Porter County Commissioner President John Evans, R-North, said last week he was aware of the rumors about interest in a new county income tax, but he and other local officials said they have not taken part in any discussions on the topic and do not see the need at this time for a new tax.
"I think we need to see where the 1-2-3 will leave us," Evans said, referring to the amendment making it unconstitutional for property taxpayers to pay rates higher than 1 percent of assessed value on owner-occupied homes, 2 percent on rental and farm properties and 3 percent on business and industrial properties.
The county is in a strong financial position with the proceeds from the 2007 sale of its hospital, he said. The county had nearly $173 million in proceeds as of late last week, including $11.7 million in interest.
Porter County Council President Dan Whitten, D-at large, said while he is opposed to any new taxes, he believes the financial concerns should be discussed to avoid ending up in place where a tax seems to be the only answer.
"Get in front of it," he said.
The way this will be done is for local units of government to find ways of reducing spending, rather than focusing on new sources of funding, Whitten said. The county and others also need to reconsider their use of tax increment financing districts, which fuels the financial challenges by capturing revenue from new developments at the expense of nearby taxing units, he said.
None of the County Council candidates contacted sees the need for a new local income tax at this time.
Republican Joe Wszolek said cities and towns would be better off looking to increase revenue by attracting economic development and improving their tax collection rates.
Democrat Bob Poparad, who voted against the enactment of the county economic development income tax in 2003, said he supported doubling the rate two years later to 0.5 percent to support the county's participation in the Northwest Indiana Regional Development Authority and to provide property tax relief.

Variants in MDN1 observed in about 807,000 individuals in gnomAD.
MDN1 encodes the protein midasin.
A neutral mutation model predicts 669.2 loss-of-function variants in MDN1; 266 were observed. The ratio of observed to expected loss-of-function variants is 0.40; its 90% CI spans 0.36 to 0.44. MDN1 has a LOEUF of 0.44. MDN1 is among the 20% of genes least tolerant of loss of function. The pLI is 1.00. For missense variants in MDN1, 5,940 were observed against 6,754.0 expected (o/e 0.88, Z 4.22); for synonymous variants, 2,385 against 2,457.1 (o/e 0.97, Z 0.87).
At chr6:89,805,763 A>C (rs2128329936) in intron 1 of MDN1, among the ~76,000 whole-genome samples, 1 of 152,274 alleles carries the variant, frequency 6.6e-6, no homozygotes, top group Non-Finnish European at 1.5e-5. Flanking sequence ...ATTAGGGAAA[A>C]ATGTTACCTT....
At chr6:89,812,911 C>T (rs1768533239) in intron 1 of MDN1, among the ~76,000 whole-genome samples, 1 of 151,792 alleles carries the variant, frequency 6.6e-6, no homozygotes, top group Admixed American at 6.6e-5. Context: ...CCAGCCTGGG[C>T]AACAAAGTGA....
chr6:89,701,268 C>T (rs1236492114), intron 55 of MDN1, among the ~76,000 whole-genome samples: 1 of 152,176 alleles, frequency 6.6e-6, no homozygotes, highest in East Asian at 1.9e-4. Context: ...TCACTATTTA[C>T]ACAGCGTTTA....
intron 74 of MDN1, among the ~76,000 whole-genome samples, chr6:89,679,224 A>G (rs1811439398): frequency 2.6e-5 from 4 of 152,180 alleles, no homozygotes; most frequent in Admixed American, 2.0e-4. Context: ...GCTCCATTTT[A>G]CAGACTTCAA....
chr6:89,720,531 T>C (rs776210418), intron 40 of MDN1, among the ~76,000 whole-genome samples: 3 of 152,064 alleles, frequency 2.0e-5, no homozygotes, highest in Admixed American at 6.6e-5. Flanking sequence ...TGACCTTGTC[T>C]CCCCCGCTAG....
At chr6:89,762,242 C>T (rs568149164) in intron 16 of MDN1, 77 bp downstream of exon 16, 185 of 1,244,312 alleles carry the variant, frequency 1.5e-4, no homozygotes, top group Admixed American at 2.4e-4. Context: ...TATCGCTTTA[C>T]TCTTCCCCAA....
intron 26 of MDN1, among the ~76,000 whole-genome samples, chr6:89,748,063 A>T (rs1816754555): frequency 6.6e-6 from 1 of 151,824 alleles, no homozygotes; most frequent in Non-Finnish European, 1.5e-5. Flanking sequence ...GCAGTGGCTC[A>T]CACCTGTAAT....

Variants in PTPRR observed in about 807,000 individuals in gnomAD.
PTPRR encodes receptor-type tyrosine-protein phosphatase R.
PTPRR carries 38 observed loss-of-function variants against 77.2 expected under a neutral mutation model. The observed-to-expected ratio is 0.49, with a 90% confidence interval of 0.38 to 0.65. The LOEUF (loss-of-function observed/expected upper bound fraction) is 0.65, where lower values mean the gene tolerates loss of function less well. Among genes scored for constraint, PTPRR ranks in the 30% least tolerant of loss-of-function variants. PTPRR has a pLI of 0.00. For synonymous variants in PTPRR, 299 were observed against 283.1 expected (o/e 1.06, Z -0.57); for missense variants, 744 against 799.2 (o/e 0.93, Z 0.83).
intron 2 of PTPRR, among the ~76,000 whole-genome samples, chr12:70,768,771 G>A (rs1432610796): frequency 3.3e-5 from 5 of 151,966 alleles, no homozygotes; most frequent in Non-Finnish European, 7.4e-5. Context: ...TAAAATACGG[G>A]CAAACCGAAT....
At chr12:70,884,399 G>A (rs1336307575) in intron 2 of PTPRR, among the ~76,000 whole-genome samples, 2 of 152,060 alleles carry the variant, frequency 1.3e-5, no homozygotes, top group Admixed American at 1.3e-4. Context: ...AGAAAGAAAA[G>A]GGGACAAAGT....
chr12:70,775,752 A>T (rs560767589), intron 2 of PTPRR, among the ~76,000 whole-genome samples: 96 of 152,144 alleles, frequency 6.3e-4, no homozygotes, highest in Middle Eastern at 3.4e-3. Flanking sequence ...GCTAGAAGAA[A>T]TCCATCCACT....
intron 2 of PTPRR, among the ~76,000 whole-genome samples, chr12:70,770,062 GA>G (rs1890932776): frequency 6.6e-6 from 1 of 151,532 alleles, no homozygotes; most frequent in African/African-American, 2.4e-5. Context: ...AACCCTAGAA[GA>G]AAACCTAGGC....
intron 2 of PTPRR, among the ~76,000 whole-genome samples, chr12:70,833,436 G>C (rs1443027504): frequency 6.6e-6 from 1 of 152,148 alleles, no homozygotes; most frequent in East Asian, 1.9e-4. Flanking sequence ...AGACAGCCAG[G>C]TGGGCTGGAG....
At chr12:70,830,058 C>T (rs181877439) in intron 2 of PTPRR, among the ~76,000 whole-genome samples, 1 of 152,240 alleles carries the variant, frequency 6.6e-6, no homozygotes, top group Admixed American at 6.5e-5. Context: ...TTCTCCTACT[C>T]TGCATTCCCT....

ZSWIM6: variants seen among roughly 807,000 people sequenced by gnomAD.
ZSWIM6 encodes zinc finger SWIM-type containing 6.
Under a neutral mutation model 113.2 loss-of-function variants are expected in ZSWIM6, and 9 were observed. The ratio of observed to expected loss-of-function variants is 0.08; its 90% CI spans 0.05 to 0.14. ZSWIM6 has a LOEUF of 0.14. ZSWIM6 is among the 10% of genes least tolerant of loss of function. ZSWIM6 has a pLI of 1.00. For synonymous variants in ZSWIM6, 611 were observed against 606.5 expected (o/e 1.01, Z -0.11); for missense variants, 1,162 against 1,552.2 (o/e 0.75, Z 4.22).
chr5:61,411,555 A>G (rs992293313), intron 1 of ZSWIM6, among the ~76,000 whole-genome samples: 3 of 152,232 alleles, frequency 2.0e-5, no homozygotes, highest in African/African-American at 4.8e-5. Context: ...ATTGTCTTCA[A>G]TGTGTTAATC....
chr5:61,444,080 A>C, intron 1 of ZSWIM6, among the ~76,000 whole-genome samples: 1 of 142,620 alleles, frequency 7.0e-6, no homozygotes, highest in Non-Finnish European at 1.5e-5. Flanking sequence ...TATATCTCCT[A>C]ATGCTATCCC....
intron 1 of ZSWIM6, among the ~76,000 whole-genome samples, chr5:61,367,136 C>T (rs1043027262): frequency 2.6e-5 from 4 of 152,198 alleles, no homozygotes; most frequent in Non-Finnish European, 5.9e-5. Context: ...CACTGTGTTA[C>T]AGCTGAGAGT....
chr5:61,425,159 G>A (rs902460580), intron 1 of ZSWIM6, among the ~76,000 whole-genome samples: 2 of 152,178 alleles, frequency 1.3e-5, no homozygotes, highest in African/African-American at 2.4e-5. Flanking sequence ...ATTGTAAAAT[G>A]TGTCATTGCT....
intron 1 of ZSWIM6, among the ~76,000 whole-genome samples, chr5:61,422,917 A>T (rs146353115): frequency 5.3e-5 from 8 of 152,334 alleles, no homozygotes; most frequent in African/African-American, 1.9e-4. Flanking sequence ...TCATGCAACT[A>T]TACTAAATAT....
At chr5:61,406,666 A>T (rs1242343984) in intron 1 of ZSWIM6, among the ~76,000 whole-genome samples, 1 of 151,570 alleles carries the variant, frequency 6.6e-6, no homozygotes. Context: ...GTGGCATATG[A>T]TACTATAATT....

The County Council is key to the question of a new income tax because it has the power to increase the existing tax rate and/or enact a new adjusted gross income tax, said Bob Lain, assistant director of the tax and revenue division at the Indiana State Budget Agency.
The third income tax available to Indiana counties - county option income tax - must be approved by a council composed of county and municipal officials sharing 100 votes based on their populations, Lain said.
Portage Mayor James Snyder said he took over his post just six months ago and is not pursing a new tax.
"I believe we have plenty of fat to cut," he said. "This is what we are focused on here at Portage City Hall."
Valparaiso Mayor Jon Costas said the city is taking in quite a bit less property and income tax money than just a few years ago but has a rainy day fund of almost $6 million.
The city also has had success obtaining grants and is seeing an increase in building permits, which can help offset losses resulting from the tax caps, he said.
"We feel pretty confident we'll be able to weather this storm," he said.